If you attended or will be attending Julia Landon College Prep., San Marco Bookstore will have your required reading books available for purchase! (Landon reading requirements are noted below). Of course they have a full range of summer reading fun for the whole family, so be sure to stop in the next time you visit the square. If you are still looking for a copy of this year’s Hendricks Haiku Project II, they can help with that too!
Landon Summer Reading Requirements
Every student entering Julia Landon is required to complete the summer reading and corresponding assignments, which are due on the first day of school, unless otherwise requested by your child’s specific Language Arts teacher (check the blogs close to the start of school for up-to-date information on the due date).
All students are required to read the selected Required Reading novel listed for each grade level. This is a non-fiction text. Students are required to read one of the student choice books (fiction) in addition to the non-fiction reading for each grade level. Students at each grade level will read two books total. There is an assignment for each book.
|6th Grade||7th Grade||8th Grade|
|Required Reading||Hana’s Suitcase by Karen Levine||The Pact: Three Young Men Make a Promise and Fulfill a Dreamby Sampson Davis, George Jenkins, Rameck Hunt, Lisa Frazier||Freedom Walkers : The Story of the Montgomery Bus Boycott by Russell Freedman|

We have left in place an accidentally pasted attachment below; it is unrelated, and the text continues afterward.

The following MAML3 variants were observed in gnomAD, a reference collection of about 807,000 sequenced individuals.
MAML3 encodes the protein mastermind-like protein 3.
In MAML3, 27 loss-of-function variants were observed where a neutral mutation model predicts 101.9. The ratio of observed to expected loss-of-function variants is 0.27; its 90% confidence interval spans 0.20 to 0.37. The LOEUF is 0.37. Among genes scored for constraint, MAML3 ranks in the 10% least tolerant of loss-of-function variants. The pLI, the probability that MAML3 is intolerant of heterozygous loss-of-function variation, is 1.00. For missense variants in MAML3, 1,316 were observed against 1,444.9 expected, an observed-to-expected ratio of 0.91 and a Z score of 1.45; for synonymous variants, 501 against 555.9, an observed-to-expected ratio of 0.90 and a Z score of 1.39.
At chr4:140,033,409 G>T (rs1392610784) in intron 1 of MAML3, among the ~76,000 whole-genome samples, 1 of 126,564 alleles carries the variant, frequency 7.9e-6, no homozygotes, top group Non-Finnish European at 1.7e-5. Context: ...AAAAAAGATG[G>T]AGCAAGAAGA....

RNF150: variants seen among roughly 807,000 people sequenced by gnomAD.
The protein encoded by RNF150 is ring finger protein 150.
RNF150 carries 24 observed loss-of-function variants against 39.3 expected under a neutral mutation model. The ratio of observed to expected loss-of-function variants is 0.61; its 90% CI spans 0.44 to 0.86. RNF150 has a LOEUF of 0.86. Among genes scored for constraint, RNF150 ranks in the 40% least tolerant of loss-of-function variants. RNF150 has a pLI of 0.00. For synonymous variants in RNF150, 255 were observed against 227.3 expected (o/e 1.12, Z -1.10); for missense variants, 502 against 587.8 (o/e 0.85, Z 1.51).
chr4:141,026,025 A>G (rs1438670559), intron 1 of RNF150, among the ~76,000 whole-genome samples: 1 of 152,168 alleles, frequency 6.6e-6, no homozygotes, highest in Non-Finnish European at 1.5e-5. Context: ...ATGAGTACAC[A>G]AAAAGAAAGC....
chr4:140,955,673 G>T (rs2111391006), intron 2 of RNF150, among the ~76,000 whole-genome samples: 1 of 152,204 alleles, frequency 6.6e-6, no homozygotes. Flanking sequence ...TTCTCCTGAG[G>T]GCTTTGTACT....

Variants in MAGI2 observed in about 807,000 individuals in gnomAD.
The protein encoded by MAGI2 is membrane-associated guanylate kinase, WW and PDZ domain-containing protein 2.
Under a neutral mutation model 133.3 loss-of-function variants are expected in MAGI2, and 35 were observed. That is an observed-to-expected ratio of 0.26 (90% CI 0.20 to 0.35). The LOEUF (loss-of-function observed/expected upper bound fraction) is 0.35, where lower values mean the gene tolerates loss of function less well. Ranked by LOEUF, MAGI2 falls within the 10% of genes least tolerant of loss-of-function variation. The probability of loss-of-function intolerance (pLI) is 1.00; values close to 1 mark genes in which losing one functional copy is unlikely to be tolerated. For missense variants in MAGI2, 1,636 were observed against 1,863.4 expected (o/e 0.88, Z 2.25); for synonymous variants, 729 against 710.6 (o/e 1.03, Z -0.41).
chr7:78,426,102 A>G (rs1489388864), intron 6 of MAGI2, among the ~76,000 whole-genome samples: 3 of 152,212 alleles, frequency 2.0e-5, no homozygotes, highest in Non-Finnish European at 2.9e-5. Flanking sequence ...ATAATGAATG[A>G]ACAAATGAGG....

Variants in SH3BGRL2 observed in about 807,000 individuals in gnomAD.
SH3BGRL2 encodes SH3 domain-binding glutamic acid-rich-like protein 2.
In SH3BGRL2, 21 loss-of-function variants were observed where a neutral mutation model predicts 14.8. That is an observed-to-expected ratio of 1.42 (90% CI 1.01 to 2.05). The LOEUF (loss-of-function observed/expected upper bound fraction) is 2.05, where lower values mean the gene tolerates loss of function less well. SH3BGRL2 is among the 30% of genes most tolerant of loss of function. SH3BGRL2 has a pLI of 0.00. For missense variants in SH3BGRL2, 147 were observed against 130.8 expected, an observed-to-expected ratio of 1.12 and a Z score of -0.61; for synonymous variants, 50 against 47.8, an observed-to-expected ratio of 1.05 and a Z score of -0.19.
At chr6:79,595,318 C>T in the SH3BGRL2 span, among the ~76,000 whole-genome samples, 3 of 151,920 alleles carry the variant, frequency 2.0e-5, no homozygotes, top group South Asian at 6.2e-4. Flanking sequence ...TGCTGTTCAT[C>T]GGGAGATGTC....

|Student Choice 1||Wonder by R. J. Palacio||One Crazy Summer by Rita Williams-Garcia||Code Talker: A Novel about the Navajo Marines of World War II by Joseph Bruchac|
|Student Choice 2||Fever 1793 by Laurie Halse Anderson||Among the Hidden by Margaret Peterson Haddix||Sweetgrass Basket by Marlene Carvell **Please note, when choosing this book, that it is told in prose and with the use of regular flashbacks.|
Assignment #1 (ALL GRADE LEVELS MUST COMPLETE THIS TASK): After you have read the required fiction book (“student choice”), think about how one of the characters in your novel demonstrates leadership. Write an essay about that character’s leadership, using the prompt below and the attached essay framework to guide your writing. Remember to use quotes from the book as support for your ideas, and to cite the page numbers. The essay may be handwritten (neatly) or typed (12 font, black ink). Essay Prompt: After reading, think about how one of the characters in your fiction text demonstrates leadership abilities and displays leadership characteristics. In a five-paragraph essay, explain how this character shows these abilities and characteristics and how his or her leadership leads to or contributes to either a positive or a negative outcome.
EXPOSITORY ESSAY FRAMEWORK